Wednesday, December 23, 2015

Why I spoiled Star Wars:The Force Awakens For Myself (Spoilers)

At the drive through window my wife said she honestly didn't understand why I was so upset and had been for a couple days.

"They aren't real" she said, adding  "no offense".

In 1983 12 year old me sat with his family on the same night at the same time as we always had and tuned into the broadcast of the finale of M*A*S*H.  As Hawkeye was carried aloft in a final helicopter ride and saw B.J.'s last "Goodbye" spelled out in rock I sobbed. My mother asked me what was wrong and my father (I am sure) said something derisive about "being too sensitive". I told them I didn't want "them" to go. "They" were my friends and we were saying goodbye.

Alan Alda's Hawkeye has always reminded me of my father, a tall lanky insubordinate smartass. There is a shot in the original Star Wars where Han Solo, piloting the Falcon away from chasing Star Destroyers silently looks determined and yet smug. 

Han Solo reminds me of my father too. He, Luke and Leia are also my friends and have been for 37 years. 

I didn't have many friends growing up. I was a chubby mixed breed with greasy light brown hair. I was bullied a lot for being too smart, too ugly, too boisterous, too shy, too sensitive. I grew out of (and back into) chubby, grew into glasses, grew into (and out of) weight lifting. It took 35 years to grow out of being bullied.

I turned abrasive, and hard to know. I maintained a small friend ratio in the real world.

I was never bullied by my other friends.

As I mentioned in my recounting of the Star Wars Marathon, the original film was a spinal tap into my dreams. I collected everything I could about Star Wars. I read Splinter in the Mind's Eye, the Han Solo trilogy, the Lando Calrissian one shot. I read Starlog. I bought action figures and vehicles, model kits and even eventually a mini-figure diorama of Jabba's palace in which I painstaking and sloppily painted each figure myself.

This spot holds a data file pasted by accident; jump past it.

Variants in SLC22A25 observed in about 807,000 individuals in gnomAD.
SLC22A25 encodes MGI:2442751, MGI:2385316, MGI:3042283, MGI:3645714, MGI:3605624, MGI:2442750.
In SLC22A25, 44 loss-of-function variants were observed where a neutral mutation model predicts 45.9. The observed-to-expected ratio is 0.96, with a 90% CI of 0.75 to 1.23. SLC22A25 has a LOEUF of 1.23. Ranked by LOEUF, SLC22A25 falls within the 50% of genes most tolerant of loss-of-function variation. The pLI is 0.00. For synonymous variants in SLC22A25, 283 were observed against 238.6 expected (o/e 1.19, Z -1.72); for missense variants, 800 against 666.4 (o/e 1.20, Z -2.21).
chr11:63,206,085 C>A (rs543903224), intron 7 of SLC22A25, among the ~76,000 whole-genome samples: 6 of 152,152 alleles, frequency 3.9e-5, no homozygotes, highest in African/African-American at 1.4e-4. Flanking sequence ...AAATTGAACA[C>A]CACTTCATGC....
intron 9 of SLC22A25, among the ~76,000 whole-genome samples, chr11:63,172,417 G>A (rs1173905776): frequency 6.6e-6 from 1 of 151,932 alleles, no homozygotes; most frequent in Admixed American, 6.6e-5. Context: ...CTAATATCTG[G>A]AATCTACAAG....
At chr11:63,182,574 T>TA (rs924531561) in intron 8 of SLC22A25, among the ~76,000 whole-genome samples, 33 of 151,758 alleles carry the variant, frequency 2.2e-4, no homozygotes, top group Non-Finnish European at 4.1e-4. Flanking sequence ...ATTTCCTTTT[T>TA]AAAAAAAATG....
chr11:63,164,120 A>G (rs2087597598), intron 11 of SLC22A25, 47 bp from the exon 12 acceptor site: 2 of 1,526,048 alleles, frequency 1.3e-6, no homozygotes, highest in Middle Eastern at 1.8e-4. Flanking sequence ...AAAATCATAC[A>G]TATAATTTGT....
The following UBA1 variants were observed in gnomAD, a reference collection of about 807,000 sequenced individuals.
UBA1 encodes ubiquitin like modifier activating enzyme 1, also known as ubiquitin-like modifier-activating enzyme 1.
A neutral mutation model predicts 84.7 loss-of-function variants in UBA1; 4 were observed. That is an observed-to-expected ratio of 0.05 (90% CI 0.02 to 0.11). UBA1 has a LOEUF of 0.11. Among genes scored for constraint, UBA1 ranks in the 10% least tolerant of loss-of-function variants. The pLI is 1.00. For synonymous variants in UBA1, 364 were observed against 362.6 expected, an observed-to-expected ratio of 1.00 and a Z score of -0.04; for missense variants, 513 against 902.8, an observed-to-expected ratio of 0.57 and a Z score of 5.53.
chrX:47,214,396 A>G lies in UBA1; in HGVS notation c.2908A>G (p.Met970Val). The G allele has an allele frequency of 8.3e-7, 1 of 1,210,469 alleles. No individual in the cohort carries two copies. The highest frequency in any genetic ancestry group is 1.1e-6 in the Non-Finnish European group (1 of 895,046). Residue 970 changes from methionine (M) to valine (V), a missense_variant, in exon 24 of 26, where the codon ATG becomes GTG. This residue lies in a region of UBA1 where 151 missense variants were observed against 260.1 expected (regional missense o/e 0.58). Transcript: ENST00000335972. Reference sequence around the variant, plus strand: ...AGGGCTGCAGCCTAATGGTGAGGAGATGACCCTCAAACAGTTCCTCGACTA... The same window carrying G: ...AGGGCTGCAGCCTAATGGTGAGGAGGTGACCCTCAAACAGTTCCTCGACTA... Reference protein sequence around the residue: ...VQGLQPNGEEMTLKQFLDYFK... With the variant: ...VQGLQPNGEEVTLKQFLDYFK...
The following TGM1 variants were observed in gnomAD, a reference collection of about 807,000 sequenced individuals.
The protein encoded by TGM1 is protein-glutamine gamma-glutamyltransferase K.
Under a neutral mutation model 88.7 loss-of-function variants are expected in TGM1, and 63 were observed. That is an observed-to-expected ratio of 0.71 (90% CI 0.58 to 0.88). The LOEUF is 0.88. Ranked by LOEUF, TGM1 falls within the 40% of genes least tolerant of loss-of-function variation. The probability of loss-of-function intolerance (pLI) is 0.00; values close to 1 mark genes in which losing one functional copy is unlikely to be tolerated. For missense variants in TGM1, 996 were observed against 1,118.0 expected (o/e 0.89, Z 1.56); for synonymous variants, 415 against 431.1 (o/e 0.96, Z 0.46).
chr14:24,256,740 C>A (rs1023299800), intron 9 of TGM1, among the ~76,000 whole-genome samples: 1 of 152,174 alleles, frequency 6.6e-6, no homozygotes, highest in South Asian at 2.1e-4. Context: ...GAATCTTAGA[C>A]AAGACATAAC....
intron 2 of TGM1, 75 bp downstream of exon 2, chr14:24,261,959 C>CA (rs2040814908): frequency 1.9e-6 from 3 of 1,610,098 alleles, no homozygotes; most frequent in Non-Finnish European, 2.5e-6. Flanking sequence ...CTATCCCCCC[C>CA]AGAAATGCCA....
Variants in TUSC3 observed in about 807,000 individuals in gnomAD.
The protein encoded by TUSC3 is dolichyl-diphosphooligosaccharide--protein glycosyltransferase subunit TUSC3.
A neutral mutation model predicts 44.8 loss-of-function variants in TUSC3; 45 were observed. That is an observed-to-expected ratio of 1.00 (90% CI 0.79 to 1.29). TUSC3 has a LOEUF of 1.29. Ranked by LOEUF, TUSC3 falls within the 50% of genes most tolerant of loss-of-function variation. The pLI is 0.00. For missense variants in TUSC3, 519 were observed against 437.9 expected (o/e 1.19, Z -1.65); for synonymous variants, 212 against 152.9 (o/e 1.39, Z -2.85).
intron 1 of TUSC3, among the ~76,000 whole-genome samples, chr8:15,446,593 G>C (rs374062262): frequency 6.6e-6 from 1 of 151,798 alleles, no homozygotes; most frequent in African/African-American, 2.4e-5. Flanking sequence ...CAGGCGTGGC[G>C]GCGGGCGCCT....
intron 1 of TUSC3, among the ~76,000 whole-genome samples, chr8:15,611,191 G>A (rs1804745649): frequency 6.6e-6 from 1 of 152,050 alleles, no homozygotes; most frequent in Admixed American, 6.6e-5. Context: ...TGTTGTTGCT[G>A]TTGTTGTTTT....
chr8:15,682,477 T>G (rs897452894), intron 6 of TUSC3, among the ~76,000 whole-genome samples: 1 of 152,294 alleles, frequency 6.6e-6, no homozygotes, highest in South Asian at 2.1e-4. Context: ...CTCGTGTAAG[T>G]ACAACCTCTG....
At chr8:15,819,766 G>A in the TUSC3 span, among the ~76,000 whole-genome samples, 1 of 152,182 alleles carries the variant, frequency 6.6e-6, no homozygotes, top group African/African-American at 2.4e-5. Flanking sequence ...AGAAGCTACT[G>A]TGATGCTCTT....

When the Special Editions were released in 1997 I was delighted, as like all of us I hadn't seen the original trilogy in a theater in over a decade. I waited in line for a week at the York theater in Toronto to see The Phantom Menace in 1999. I made new friends real and imagined, including a dude who spent one hundred thousand dollars on a home theater setup that needed 240 volt power and ran electrostatic speakers in 1999.

I spoiled The Force Awakens because I suspected from the moment the cast was announced and shooting began that Harrison Ford would kill my friend.

(I also have enormous issues with the filmmaking of TFA. While beautiful looking, and delightfully fun, the movie is a mess of co-incidence and short cuts. It feels like a much longer film that had an entire subplot excised for time and covered with reshoots.)

The death of Han Solo was heartbreaking. I wept silently as a young woman behind me sobbed. The movie had shuddered to a stop. The sturm and drang of the climax as modeled exactly on the end of Star Wars was meaningless, as were the plot points that followed. 

I had stopped caring. Ford had brought his A-game and achieved his greatest wish. He killed Han Solo with the help of Lucasfilm, and Han's death is unearned.

Unconsciously I grieved and I was so shaken coming out the theater I wondered if I would care to continue to watch Star Wars movies. Three and a half decades of my life disappeared and I mourned their loss.

I had spoiled TFA for myself to prevent this very thing from happening. Ford's various appearances at promotional events gave the trick away, as he seemed (to me) to finally realize that what he had been rejecting for so long was unfiltered love from the fans.

Even as the movie unspooled exactly as I had read over the previous year I held out desperate hope. The details had changed but the broader themes remained so I hoped, I hoped right up until Han Solo fell into a bottomless chasm, betrayed by one he loved. I felt betrayed and abused in my love for Star Wars.

"They're real to me" I choked to my wife at that drive thru and wondered about my sanity.

I am told I have a lot of mirror neurons which give me greater than average empathy. I have been told that my abrasive nature is a direct result of having been hurt throughout my life because I am "too sensitive". I am told there is nothing wrong with me.

I miss my friend and wonder if it worth risking being hurt again.

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